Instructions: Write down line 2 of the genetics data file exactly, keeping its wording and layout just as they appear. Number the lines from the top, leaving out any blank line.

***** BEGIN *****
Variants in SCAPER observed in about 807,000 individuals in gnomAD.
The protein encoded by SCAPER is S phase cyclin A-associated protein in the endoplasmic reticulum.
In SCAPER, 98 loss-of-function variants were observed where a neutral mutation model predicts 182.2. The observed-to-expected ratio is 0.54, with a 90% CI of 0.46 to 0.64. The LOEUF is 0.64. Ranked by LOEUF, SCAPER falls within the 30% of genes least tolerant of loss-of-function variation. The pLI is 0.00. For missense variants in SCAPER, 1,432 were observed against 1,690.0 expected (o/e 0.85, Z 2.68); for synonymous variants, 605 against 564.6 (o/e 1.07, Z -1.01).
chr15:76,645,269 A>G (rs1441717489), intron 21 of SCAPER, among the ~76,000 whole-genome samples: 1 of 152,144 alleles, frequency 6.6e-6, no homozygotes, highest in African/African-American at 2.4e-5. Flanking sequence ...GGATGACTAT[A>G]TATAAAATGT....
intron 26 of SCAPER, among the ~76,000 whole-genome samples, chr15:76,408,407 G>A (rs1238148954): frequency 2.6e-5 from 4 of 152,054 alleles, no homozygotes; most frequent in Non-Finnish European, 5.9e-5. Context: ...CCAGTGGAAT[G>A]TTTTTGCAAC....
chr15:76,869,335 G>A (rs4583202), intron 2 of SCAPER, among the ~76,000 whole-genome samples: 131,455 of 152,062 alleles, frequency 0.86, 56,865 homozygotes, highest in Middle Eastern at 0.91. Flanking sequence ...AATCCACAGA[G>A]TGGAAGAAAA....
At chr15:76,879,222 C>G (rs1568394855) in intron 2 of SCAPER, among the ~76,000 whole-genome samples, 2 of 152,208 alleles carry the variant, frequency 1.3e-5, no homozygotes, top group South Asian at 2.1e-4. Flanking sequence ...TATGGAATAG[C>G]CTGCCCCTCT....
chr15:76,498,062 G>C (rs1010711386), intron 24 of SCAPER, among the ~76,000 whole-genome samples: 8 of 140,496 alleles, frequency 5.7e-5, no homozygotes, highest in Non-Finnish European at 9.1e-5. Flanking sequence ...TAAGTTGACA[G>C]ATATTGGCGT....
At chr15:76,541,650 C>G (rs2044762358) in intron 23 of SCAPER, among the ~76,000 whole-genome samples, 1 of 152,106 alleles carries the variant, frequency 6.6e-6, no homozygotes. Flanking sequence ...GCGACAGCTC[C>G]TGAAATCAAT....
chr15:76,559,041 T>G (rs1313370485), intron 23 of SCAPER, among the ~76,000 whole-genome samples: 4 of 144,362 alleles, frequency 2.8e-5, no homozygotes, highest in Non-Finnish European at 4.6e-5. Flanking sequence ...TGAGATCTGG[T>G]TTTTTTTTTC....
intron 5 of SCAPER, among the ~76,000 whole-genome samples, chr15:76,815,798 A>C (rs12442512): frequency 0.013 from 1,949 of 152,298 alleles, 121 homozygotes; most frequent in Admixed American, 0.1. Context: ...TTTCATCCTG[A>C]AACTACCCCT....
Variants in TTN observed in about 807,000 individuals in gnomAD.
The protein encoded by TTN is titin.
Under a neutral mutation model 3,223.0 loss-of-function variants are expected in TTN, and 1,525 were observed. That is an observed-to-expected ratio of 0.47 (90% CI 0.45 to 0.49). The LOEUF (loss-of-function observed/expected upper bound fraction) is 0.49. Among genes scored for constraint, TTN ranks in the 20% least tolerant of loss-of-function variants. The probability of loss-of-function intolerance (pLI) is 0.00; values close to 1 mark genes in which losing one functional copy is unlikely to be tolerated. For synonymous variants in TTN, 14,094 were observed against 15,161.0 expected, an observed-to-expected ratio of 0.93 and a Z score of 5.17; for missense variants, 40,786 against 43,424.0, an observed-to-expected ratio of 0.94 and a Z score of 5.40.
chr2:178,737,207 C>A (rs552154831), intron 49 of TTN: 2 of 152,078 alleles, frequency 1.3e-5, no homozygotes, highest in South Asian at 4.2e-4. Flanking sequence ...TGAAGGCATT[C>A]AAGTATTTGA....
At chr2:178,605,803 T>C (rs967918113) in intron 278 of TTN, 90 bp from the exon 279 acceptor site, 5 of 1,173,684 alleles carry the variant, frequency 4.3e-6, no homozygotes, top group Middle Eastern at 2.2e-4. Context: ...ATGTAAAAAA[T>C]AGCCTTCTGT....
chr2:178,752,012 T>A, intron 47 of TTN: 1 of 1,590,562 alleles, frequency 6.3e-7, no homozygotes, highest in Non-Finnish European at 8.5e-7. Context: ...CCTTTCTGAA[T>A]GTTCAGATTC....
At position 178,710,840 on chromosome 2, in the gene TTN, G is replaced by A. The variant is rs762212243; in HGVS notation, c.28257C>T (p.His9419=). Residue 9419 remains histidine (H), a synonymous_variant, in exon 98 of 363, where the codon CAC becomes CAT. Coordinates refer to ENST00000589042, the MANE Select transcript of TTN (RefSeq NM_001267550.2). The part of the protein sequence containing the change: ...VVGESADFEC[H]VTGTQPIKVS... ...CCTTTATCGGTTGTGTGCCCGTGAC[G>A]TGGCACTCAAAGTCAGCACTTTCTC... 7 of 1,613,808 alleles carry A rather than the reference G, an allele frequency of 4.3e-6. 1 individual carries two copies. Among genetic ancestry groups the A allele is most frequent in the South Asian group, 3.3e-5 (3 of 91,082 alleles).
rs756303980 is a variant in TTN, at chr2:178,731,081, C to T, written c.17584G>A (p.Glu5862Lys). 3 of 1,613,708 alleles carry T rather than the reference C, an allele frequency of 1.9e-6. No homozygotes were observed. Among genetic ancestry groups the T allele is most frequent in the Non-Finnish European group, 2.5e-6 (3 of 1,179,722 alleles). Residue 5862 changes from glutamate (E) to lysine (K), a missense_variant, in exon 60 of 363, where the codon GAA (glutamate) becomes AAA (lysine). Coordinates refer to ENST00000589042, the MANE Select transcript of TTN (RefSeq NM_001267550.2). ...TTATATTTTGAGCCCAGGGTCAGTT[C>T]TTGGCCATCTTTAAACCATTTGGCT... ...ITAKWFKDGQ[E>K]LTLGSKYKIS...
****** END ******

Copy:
The protein encoded by SCAPER is S phase cyclin A-associated protein in the endoplasmic reticulum.